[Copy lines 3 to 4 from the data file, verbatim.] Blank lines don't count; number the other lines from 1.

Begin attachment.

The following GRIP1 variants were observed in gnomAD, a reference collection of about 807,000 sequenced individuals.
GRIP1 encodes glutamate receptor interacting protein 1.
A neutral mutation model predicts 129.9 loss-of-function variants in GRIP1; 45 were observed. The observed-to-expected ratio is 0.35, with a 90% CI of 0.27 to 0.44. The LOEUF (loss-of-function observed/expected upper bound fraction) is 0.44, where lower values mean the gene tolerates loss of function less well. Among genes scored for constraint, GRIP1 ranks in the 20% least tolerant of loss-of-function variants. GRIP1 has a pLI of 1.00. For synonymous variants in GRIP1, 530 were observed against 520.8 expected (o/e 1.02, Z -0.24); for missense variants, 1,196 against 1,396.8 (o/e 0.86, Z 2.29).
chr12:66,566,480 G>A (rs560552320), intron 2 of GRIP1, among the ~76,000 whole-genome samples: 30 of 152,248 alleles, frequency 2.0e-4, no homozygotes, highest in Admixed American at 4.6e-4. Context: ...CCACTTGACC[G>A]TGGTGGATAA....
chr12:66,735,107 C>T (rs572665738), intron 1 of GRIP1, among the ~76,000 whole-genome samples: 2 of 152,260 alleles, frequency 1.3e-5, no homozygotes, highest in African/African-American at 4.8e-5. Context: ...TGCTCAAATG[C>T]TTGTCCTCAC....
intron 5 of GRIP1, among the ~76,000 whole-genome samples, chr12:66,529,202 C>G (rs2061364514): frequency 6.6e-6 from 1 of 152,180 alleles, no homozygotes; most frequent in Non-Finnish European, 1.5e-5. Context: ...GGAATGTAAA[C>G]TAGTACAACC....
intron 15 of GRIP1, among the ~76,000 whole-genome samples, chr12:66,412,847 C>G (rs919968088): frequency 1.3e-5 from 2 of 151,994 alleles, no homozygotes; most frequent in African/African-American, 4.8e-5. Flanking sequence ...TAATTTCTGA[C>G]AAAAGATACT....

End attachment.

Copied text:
A neutral mutation model predicts 129.9 loss-of-function variants in GRIP1; 45 were observed. The observed-to-expected ratio is 0.35, with a 90% CI of 0.27 to 0.44. The LOEUF (loss-of-function observed/expected upper bound fraction) is 0.44, where lower values mean the gene tolerates loss of function less well. Among genes scored for constraint, GRIP1 ranks in the 20% least tolerant of loss-of-function variants. GRIP1 has a pLI of 1.00. For synonymous variants in GRIP1, 530 were observed against 520.8 expected (o/e 1.02, Z -0.24); for missense variants, 1,196 against 1,396.8 (o/e 0.86, Z 2.29).
chr12:66,566,480 G>A (rs560552320), intron 2 of GRIP1, among the ~76,000 whole-genome samples: 30 of 152,248 alleles, frequency 2.0e-4, no homozygotes, highest in Admixed American at 4.6e-4. Context: ...CCACTTGACC[G>A]TGGTGGATAA....